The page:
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February 5, 2023
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McDonald’s ex-CEO is paying an extra $400,000 for obscuring the reason behind his termination

McDonald’s ex-CEO is paying an extra $400,000 for obscuring the reason behind his termination

Whose fault is it anyway?
Photo: Scott Olson (Getty Images)

The Securities and Exchange Commission found that McDonald’s dismissal of its ex-CEO Stephen J. Easterbrook was not by the book—but only the former business executive is facing repercussions for the affair.

In 2019, McDonald’s abruptly fired Easterbrook, but key details leading to the decision were left out in the initial briefing to investors. The company ousted him for having a consensual relationship with a subordinate but did not say so in his separation agreement.

Since Eastbrook’s firing was initially deemed to be “without cause” he remained entitled to a cushy equity compensation. More than half a year after Easterbrook was ousted, an internal probe found that he had engaged in not one but a string of undisclosed, improper relationships with other McDonald’s employees. Easterbrook’s failure to disclose these additional violations of company policy—McDonald’s prohibits dating or sexual relationships between employees with a direct or indirect reporting relationship to each other—influenced the accuracy of the fast-food giant’s disclosures to investors related to his departure and severance package.

The SEC yesterday (Jan. 9) charged Easterbrook with “making false and misleading statements to investors” about the circumstances leading to his November 2019 firing. McDonald’s was also charged for holes in its public disclosures related to the termination.

Without admitting or denying the SEC’s acquisition of fraud, Easterbrook agreed to enter the SEC’s cease-and-desist order. He has to pay a $400,000 civil penalty, and he has been banned from serving in officer or director positions at any firm for five years.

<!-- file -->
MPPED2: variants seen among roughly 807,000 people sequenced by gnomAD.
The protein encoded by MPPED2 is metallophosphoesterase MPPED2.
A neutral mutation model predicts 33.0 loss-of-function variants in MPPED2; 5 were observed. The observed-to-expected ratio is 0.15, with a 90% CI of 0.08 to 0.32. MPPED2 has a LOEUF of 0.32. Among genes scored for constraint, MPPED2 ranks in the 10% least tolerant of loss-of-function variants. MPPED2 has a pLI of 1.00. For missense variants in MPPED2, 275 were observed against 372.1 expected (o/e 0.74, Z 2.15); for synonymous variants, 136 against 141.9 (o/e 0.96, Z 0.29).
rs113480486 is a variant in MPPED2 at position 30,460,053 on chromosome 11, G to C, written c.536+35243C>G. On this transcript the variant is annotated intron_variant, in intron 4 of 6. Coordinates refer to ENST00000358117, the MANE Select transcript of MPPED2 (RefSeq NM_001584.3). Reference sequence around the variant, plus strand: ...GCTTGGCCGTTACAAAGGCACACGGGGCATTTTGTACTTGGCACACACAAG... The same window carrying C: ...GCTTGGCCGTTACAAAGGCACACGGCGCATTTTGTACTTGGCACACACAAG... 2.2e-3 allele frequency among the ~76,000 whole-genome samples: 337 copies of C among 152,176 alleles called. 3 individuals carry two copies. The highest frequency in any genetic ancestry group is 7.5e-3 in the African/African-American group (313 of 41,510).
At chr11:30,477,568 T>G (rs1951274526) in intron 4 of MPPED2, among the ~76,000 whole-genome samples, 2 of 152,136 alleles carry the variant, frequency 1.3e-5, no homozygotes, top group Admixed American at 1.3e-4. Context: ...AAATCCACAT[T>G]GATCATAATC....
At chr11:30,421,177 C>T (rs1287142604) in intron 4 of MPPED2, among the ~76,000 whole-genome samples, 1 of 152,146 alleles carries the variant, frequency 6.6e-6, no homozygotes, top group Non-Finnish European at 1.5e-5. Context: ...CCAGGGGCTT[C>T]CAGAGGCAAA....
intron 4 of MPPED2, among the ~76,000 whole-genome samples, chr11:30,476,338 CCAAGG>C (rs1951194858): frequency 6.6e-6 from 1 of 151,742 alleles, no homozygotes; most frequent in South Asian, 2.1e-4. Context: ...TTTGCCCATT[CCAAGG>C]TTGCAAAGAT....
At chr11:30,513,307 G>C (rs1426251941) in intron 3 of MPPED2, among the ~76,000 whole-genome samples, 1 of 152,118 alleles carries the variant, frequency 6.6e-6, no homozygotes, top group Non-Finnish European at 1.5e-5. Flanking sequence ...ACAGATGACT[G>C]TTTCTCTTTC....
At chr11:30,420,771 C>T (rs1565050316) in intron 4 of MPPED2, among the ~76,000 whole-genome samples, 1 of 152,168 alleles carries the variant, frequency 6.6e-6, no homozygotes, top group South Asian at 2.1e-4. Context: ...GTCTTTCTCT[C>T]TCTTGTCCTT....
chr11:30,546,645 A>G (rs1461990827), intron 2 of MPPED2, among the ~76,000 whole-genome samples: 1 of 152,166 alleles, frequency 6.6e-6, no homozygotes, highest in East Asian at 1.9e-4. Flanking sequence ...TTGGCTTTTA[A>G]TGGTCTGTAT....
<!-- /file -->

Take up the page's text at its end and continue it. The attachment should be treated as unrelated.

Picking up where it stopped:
McDonald’s ex-CEO broke trust and misled investors, the SEC says

“When corporate officers corrupt internal processes to manage their personal reputations or line their own pockets, they breach their fundamental duties to shareholders, who are entitled to transparency and fair dealing from executives. By allegedly concealing the extent of his misconduct during the company’s internal investigation, Easterbrook broke that trust with–and ultimately misled–shareholders.” —Gurbir S. Grewal, director of the SEC’s division of enforcement.

The money in Easterbrooks’s exit from McDonalds, by the digits

$41.8 million: Easterbrook’s severance package including six months of pay, shares he can cash out later, and other equity.

$23.8 million: Value of stock options he could exercise at the time of firing

$12.37: Average hourly pay for a McDonald’s crew worker in the US

$105 million: How much Easterbrook repaid, in cash and stock, in December 2021 to settle a lawsuit McDonald’s brought against him in August 2020, alleging he had inappropriate relationships with subordinates and covering it up.

Why is McDonald’s not being fined?

Often, in cases where executives violate its anti-fraud rules, the company is fined, too. To name a few:

✈️ Last September, the SEC levied penalties of $200 million and $1 million on Boeing and then-CEO Muilenburg, respectively, for sharing misleading information about the Boeing 737 Max which was involved in some deadly crashes;

🦠 In May 2022, the federal authority charged New York-based SCWorx upwards of $600,000 in penalties and disgorgement, and sought an officer and director bar against Schessel, for lying about the planned distribution of their covid-19 rapid testing kits;

💰 Publicly-traded asset manager Medley Management and its former co-CEOs, Brook B. Taube and Seth B. Taube, were together told to pay a total of $10 million in April 2022 after the SEC accused them of “making misrepresentations to investors and clients that created the illusion of Medley’s likely future growth.”

In McDonald’s case, though, the key difference is that the misrepresentation wasn’t about the business itself. And for some of the incidents, it could not disclose Easterbrook’s consensual relationships with subordinates because the company itself was not aware of them. Plus, it tried to remedy the situation.

“We fired him, and then sued him upon learning that he lied about his behavior,” the company said in a statement.

Taking all this into consideration, and then the “the substantial cooperation it provided…including voluntarily providing information not otherwise required to be produced in response to the staff’s requests,” the SEC rebuked McDonald’s, but chose not to impose a financial penalty on the fast food chain.

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